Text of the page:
A Filipino nanny’s big success story
A Filipino nanny’s big success story
Neepawa, Manitoba, after countless jobs and tragedy
By Michelle Chermaine Ramos
The Philippine Reporter
After Edith Strange worked in Singapore as a nanny for four years, she decided to immigrate to Canada through the Caregiver Program in 1991 to work as a nanny for a family in the small town of Redvers in Saskatchewan. She later moved to Brandon, Manitoba, where she worked for Maple Leaf Foods for ten years cutting meat. It was there where she met her husband, Garry Strange.
Today, although she’s enjoying the fruits of her labor now owning a farm and other real estate along with running her own Asian grocery store in Neepawa and another in Brandon, her early years in Canada had this self-professed workaholic juggling five jobs back in 1991.
“I used to have five jobs when I was single. I used to clean buildings. I was a nanny and my boss asked me to work at the bakeries, something like that in Redvers. And then after that, when I moved to Brandon, I met my husband and worked in different places like McDonalds, Maple Leaf, and waitressing. Name it. Any kind of job, I worked all those,” she said. On top of all that, she still made time to teach kids Bible study sessions at her church.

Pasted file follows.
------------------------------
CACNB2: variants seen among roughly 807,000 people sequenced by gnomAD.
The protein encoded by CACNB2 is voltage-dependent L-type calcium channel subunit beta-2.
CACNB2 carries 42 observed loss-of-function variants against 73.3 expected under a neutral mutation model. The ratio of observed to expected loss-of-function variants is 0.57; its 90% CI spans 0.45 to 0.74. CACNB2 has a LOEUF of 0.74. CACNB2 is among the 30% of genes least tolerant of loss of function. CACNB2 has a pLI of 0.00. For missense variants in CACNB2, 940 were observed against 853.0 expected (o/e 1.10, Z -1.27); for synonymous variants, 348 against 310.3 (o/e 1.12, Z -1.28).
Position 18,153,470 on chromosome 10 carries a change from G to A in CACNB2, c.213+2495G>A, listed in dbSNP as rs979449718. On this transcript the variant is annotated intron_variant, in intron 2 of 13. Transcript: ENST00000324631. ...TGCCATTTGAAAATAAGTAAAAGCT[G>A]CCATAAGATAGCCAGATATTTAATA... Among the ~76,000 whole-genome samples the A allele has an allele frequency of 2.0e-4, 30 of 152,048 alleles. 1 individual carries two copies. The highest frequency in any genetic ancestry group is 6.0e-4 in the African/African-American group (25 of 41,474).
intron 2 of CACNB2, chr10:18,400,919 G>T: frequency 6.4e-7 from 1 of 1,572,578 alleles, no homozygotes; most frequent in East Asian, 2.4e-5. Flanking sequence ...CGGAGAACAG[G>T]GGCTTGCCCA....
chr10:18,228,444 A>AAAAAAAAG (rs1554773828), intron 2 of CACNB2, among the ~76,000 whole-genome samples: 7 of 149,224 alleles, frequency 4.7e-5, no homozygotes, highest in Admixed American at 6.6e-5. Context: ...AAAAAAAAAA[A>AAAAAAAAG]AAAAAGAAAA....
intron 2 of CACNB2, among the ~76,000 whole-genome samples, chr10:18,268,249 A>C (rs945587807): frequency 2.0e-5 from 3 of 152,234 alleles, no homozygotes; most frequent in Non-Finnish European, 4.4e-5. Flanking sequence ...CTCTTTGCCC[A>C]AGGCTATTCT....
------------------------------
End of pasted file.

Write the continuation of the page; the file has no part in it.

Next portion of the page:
She and Garry got married and she gave birth to their boys, Tim and Tom after whom Tim Tom Asian Grocery was named. The couple came up with the idea to open a Filipino grocery business after making several trips to Winnipeg in Garry’s truck to stock up on Filipino products which they brought back to their friends in Brandon. At that point, Edith wanted to leave her job anyway after experiencing bullying in the workplace.
They opened their first store at 541 8th Street in Brandon in 2009. Unfortunately, in February 2011, Garry died when his car rolled over on the icy road close to their home in the small town of Killarney, Manitoba. Before his untimely death, they had planned to open a branch in the small town of Neepawa at the request of their Filipino customers in Neepawa. Back then, there were no Filipino stores in Neepawa and their customers had to drive all the way to Brandon to buy the products they wanted.